The war not yet won
Our challenge is an eternal one. The wrestle with gravity. It was here before us, and it will outlive all of us.
I feel a burden of responsibility heading up our 75 year old association. As well as to the current and future membership, the initial aspirations of LEEA’s Founding Fathers weighs heavily on my mind. The COVID-19 situation has been all about finding new and innovative ways to deliver against our longstanding vision, but the things that underpin us are important building blocks for that future.
Our organisational vision to raise standards and promote sustainability is LEEA’s flag in the ground, our totem pole to which we can look when making decisions and planning for the future.
And while our circumstances are very different in late 2020 than they were in June 1944 when we were first established, some of our challenges are the same. Perhaps this is unique to our industry, because when you boil it right down, our challenge is an eternal one. The wrestle with gravity. It was here before us, and it will outlive all of us. It is a challenge that defines how the human race operates and lives. And as we go higher or further out, or into more inclement spaces; that challenge is ever more pronounced and forever more acute. In this regard, our finishing line always gets further away, meaning the need for more and better solutions is always with us.
Sometimes the world can adopt a devil-may-care approach to safety. In some parts of society ‘Health and Safety’ is a synonym for the Nanny State, for bureaucracy or for political correctness gone mad. I’m sure we’ve all heard these terms being conflated. But we know that lifting can be extremely dangerous. So there is a central role for a sensible, grown up approach to the identification and management of risk.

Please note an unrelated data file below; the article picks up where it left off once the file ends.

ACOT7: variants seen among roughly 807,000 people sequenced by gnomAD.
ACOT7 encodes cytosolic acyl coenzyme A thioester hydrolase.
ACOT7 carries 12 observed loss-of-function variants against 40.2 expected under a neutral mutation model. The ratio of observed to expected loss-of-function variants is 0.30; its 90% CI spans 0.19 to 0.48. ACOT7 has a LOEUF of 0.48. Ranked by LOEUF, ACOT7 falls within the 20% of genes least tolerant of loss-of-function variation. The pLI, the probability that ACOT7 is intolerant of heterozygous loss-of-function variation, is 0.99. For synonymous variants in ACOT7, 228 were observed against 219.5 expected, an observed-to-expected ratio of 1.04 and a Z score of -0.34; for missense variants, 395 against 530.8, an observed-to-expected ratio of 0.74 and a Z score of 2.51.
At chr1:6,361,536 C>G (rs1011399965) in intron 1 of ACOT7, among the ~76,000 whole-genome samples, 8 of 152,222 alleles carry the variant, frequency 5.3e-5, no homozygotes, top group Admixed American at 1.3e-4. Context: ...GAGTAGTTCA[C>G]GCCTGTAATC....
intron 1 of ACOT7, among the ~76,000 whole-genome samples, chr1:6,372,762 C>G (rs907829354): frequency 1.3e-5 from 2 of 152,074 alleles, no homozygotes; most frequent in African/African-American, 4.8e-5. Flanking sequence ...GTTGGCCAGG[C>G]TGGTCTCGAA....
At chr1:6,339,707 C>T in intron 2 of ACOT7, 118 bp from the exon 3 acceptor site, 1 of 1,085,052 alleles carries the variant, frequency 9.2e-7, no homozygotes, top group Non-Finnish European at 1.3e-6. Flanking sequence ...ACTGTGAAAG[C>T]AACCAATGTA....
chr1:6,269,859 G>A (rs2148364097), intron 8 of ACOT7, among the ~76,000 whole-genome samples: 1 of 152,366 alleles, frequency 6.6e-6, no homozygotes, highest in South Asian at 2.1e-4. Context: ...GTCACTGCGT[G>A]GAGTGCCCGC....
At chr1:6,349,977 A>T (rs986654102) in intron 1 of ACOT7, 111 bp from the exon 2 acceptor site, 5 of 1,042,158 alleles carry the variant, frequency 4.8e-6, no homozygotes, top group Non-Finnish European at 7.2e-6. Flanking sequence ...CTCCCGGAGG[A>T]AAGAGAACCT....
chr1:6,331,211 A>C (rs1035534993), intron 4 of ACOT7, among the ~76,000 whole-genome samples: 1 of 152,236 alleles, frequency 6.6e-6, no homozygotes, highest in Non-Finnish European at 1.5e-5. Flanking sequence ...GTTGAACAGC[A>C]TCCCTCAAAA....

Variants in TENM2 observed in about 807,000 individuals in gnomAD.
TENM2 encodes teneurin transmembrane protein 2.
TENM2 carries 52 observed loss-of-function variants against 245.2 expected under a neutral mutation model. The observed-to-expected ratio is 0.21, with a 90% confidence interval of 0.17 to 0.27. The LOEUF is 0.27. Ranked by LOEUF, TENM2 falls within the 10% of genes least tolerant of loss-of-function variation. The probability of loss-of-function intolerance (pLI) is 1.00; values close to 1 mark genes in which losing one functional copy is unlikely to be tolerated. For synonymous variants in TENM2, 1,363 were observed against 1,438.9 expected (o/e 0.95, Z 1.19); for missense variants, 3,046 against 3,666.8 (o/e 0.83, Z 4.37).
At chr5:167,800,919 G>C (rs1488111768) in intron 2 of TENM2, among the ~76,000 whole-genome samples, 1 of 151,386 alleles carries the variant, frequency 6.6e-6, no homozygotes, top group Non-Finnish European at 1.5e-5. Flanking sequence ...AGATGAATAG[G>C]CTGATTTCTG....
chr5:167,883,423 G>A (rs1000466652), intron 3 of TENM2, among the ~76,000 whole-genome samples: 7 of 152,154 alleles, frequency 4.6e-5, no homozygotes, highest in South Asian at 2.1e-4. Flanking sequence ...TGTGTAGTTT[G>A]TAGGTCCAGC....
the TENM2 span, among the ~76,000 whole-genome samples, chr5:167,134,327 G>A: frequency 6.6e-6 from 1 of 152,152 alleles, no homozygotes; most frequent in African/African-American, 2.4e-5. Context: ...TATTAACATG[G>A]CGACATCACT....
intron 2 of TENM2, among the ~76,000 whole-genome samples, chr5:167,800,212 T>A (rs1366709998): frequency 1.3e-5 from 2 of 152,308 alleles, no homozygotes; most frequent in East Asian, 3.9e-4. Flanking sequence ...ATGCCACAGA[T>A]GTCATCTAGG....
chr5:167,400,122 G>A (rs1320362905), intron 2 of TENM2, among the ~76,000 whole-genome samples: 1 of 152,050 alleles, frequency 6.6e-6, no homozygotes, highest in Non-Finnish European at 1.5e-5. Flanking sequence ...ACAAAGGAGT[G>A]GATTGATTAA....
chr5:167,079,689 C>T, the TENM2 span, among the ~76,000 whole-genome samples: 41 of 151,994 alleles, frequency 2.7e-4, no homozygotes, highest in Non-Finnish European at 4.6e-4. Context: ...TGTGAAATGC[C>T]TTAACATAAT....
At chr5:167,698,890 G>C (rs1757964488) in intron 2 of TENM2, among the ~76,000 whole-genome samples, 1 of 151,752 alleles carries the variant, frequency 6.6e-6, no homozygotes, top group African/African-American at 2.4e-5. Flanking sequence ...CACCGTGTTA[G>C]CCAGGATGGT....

To remind us all.
l Best statistics tell us that every year there are 2.78 million global workplace deaths.
l Work related ill health and injury cost the EU member states over 3% of their GDP every year. Putting that into context, this is more than the UK spends on its defence budget.
The International Labor Organisation states that the top causes of deaths in construction are falls, immediately followed by crane collapses.
Deaths due to falls have risen in the UK by 11% in the last 5 years.
And so it is clear that the aspirations of the original LEEA members are just as relevant now as they always have been. The challenges may be more complicated. The solutions harder to create. But this is a wrestle we are all in. It’s not a fight from which we can, or should walk away.